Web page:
Handouts must be printed separately. This rubric delineates specific expectations about an essay assignment to students and provides a means of assessing completed student essays. Grading rubrics can be of great benefit to both you and your students. For you, a rubric saves time and decreases subjectivity.
Specific criteria are explicitly stated, facilitating the grading process and increasing your objectivity. In order to help your students meet or exceed expectations of the assignment, be sure to discuss the rubric with your students when you assign an essay. Writing Projects Includes rubrics for essay questions, logs, journal writing, and lab write-ups.
Research Paper Rubric Word doc. Rubric for Scoring Effective Writing Word doc. Persuasive Essay Rubric Word doc Mr. History and Government class rubric: Rubrics for Middle School Includes invention report, book talk, persuasive essay and autobiographical event essay.
Math Rubrics 4 levels of math understanding with performance criteria. Science Rubric pdf Performance criteria for use of scientific tools, science reasoning and strategies, science concepts and use of data and communication.
Physics Project Rubric A good example of a performance rubric tuned a specific project. Easy to adapt to other subjects. Kindergarten Rubrics Assess literacy development. Kindergarten Rubrics Evaluates communication, fine muscle development, emergent reading and writing, large muscle development, math development, creative arts, personal development and work habits, play and social skills.
Third Grade Venn Diagram Rubric. Rubistar Choose a topic and create a new rubric based on a template. Save and edit your rubric online. Rubric Template Insert the task and criteria into this template. Rubric Template Word doc Word document template to download and modify to meet authentic assessment needs University of West Florida. Annenberg Learner Build a Rubric. The response demonstrates general and vague word choice; word choice may be poor or inaccurate.
The response may lack a formal style and objective tone. The response demonstrates little or no cohesion and limited skill in the use and control of language. The response may lack a clear central claim or controlling idea or may deviate from the claim or idea over the course of the response.
The response may demonstrate some progression of ideas within paragraphs but not throughout the response. The response has limited variety in sentence structures; sentence structures may be repetitive.
The response demonstrates general or vague word choice; word choice may be repetitive. The response may deviate noticeably from a formal style and objective tone. The response is mostly cohesive and demonstrates effective use and control of language. The response includes an effective introduction and conclusion.
The response demonstrates a clear progression of ideas both within paragraphs and throughout the essay. The response has variety in sentence structures. The response demonstrates some precise word choice. The response maintains a formal style and objective tone. The response shows a good control of the conventions of standard written English and is free of significant errors that detract from the quality of writing. The response is cohesive and demonstrates a highly effective use and command of language.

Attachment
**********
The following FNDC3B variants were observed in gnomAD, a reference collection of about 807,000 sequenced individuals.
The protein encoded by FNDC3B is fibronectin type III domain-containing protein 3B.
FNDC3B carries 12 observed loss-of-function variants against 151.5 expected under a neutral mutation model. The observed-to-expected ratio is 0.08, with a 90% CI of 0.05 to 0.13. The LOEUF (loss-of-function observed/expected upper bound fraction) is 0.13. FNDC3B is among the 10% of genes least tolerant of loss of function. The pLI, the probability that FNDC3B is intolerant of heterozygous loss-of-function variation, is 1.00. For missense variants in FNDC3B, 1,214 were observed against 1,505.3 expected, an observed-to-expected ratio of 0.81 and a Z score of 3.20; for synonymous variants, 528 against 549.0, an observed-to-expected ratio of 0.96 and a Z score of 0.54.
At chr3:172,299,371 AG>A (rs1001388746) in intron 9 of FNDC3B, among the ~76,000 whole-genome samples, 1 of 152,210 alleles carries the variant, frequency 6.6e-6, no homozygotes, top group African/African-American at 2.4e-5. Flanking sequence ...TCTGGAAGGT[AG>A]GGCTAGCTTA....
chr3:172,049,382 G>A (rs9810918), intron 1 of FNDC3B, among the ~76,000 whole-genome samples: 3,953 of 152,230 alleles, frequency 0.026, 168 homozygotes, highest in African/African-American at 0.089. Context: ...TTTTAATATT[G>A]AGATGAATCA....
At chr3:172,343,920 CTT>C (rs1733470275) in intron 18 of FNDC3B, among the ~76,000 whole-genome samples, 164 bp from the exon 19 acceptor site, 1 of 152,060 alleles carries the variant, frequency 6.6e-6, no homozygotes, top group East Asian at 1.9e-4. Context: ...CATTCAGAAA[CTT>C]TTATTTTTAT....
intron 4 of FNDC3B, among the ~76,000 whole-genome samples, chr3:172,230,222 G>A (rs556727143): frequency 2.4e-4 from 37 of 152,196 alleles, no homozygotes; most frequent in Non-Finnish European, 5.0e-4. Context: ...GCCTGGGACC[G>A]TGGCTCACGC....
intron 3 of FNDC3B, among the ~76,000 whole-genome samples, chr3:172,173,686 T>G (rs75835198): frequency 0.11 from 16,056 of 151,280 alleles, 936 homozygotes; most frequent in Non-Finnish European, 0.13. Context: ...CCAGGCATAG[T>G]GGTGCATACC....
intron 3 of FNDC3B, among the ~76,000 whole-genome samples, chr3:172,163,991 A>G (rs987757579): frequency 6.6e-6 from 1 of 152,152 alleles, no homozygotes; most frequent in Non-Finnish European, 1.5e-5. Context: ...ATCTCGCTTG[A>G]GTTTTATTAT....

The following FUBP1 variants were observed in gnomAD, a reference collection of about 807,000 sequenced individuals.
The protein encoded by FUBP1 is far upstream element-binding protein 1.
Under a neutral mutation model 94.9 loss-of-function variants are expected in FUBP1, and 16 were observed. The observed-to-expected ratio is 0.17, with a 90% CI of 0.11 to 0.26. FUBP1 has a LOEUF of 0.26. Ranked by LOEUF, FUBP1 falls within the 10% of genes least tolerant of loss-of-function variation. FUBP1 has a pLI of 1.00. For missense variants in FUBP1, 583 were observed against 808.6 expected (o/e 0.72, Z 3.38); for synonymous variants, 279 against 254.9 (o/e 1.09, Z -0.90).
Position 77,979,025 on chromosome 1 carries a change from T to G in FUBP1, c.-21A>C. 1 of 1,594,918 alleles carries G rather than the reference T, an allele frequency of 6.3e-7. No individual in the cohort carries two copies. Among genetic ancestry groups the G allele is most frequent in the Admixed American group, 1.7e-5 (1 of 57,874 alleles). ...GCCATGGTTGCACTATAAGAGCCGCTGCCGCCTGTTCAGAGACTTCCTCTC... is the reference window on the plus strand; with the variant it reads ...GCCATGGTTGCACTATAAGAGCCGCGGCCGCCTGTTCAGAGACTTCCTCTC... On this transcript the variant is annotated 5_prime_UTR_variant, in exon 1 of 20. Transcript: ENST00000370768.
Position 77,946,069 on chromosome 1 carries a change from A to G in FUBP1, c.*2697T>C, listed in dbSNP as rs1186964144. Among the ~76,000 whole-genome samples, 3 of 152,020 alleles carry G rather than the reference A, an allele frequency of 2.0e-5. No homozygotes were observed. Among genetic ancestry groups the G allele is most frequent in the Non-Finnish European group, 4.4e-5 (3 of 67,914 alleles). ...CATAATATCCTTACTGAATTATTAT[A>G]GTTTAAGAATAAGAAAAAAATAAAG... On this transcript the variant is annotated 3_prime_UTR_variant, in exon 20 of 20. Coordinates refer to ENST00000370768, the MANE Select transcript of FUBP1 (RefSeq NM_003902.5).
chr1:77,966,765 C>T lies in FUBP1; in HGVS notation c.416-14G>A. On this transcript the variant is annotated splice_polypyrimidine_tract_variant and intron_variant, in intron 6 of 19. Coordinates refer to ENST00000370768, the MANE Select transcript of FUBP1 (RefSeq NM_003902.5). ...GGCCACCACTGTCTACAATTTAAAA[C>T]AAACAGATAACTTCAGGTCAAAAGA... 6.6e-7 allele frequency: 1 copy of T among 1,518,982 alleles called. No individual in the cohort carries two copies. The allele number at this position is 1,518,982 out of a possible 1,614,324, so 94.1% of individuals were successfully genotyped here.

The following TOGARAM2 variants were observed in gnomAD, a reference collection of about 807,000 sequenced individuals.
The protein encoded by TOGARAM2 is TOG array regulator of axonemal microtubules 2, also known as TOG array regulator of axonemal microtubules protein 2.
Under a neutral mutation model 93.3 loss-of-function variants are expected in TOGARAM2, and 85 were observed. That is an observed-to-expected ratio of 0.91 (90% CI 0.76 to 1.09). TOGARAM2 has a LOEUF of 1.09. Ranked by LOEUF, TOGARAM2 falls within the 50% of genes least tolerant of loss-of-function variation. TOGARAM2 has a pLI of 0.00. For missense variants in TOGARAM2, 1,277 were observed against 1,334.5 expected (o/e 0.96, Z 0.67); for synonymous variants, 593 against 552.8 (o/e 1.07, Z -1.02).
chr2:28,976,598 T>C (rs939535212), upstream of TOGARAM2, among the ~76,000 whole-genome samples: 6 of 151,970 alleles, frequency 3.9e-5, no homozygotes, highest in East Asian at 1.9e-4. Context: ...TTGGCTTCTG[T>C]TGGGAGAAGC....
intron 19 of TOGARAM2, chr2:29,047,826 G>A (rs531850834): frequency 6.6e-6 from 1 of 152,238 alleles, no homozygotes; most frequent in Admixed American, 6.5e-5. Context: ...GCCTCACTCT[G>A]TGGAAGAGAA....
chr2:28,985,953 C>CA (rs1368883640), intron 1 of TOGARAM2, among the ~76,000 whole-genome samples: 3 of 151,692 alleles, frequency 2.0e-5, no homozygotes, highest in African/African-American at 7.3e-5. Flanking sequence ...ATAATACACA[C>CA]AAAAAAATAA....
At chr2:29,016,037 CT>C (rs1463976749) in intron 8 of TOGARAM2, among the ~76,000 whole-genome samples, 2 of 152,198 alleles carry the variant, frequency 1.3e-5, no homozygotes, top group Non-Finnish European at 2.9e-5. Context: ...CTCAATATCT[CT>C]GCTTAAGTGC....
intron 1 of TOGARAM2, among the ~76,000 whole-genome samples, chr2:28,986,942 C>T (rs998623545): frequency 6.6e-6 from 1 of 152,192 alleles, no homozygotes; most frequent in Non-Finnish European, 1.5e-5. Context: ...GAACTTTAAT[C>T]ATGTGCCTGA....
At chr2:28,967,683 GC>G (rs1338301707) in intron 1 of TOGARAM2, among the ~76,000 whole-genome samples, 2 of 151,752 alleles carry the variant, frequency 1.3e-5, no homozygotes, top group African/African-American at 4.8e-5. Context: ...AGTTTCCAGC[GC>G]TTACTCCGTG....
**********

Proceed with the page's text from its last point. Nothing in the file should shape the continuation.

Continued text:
The response includes a skillful introduction and conclusion. The response demonstrates a deliberate and highly effective progression of ideas both within paragraphs and throughout the essay. The response has a wide variety in sentence structures. The response demonstrates a consistent use of precise word choice.
The response shows a strong command of the conventions of standard written English and is free or virtually free of errors. Because there's a lot of different factors that go into calculating your Writing score, I've divided the discussion of this rubric area into five separate items:. One of the most basic rules of the SAT essay is that you need to express a clear opinion on the "assignment" the prompt.
This is a nice, vague statement that leaves you a lot of wiggle room. If you disagree with the author, it's also a way of avoiding having to say that the author is persuasive. Don't fall into this trap! The author effectively builds his argument that hot dogs are not sandwiches by using logic, allusions to history and mythology, and factual evidence. In contrast to the vague claim that "There are a variety of ways in which the author builds his argument," this thesis both specifies what the author's argument is and the ways in which he builds the argument that you'll be discussing in the essay.
While it's extremely important to make sure your essay has a clear point of view, strong critical reasoning, and support for your position, that's not enough to get you a top score. What does this mean? Part of the way you can make sure your essay is "well organized" has to do with following standard essay construction points.
Don't write your essay in one huge paragraph; instead, include an introduction with your thesis stating your point of view , body paragraphs one for each example, usually , and a conclusion. This structure might seem boring, but it really works to keep your essay organized, and the more clearly organized your essay is, the easier it will be for the essay grader to understand your critical reasoning.